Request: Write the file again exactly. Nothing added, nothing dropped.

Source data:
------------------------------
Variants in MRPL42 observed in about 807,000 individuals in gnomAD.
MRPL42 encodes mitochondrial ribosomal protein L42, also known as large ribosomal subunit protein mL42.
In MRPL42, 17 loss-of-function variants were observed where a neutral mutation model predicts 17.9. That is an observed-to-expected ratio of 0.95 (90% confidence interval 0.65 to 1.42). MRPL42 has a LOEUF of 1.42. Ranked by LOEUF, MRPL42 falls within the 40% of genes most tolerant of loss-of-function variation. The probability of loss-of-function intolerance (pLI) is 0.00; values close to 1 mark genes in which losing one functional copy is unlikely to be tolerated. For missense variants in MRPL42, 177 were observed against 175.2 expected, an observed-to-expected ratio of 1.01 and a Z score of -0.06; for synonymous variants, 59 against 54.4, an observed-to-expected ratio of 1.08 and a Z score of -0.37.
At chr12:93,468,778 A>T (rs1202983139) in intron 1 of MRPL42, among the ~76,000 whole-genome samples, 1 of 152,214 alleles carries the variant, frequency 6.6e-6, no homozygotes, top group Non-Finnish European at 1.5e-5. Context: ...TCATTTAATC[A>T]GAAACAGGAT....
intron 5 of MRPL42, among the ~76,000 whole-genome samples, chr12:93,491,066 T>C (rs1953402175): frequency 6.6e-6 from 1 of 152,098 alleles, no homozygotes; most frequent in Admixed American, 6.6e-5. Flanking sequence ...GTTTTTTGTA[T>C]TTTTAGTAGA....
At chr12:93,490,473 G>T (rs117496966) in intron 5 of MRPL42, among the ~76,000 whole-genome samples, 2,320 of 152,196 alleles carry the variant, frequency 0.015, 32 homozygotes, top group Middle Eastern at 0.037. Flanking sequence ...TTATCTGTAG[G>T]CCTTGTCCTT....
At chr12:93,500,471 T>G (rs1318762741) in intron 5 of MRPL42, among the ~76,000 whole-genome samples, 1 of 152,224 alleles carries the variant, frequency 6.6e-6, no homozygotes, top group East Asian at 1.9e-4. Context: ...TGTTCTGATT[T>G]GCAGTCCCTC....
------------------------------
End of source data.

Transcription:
Variants in MRPL42 observed in about 807,000 individuals in gnomAD.
MRPL42 encodes mitochondrial ribosomal protein L42, also known as large ribosomal subunit protein mL42.
In MRPL42, 17 loss-of-function variants were observed where a neutral mutation model predicts 17.9. That is an observed-to-expected ratio of 0.95 (90% confidence interval 0.65 to 1.42). MRPL42 has a LOEUF of 1.42. Ranked by LOEUF, MRPL42 falls within the 40% of genes most tolerant of loss-of-function variation. The probability of loss-of-function intolerance (pLI) is 0.00; values close to 1 mark genes in which losing one functional copy is unlikely to be tolerated. For missense variants in MRPL42, 177 were observed against 175.2 expected, an observed-to-expected ratio of 1.01 and a Z score of -0.06; for synonymous variants, 59 against 54.4, an observed-to-expected ratio of 1.08 and a Z score of -0.37.
At chr12:93,468,778 A>T (rs1202983139) in intron 1 of MRPL42, among the ~76,000 whole-genome samples, 1 of 152,214 alleles carries the variant, frequency 6.6e-6, no homozygotes, top group Non-Finnish European at 1.5e-5. Context: ...TCATTTAATC[A>T]GAAACAGGAT....
intron 5 of MRPL42, among the ~76,000 whole-genome samples, chr12:93,491,066 T>C (rs1953402175): frequency 6.6e-6 from 1 of 152,098 alleles, no homozygotes; most frequent in Admixed American, 6.6e-5. Flanking sequence ...GTTTTTTGTA[T>C]TTTTAGTAGA....
At chr12:93,490,473 G>T (rs117496966) in intron 5 of MRPL42, among the ~76,000 whole-genome samples, 2,320 of 152,196 alleles carry the variant, frequency 0.015, 32 homozygotes, top group Middle Eastern at 0.037. Flanking sequence ...TTATCTGTAG[G>T]CCTTGTCCTT....
At chr12:93,500,471 T>G (rs1318762741) in intron 5 of MRPL42, among the ~76,000 whole-genome samples, 1 of 152,224 alleles carries the variant, frequency 6.6e-6, no homozygotes, top group East Asian at 1.9e-4. Context: ...TGTTCTGATT[T>G]GCAGTCCCTC....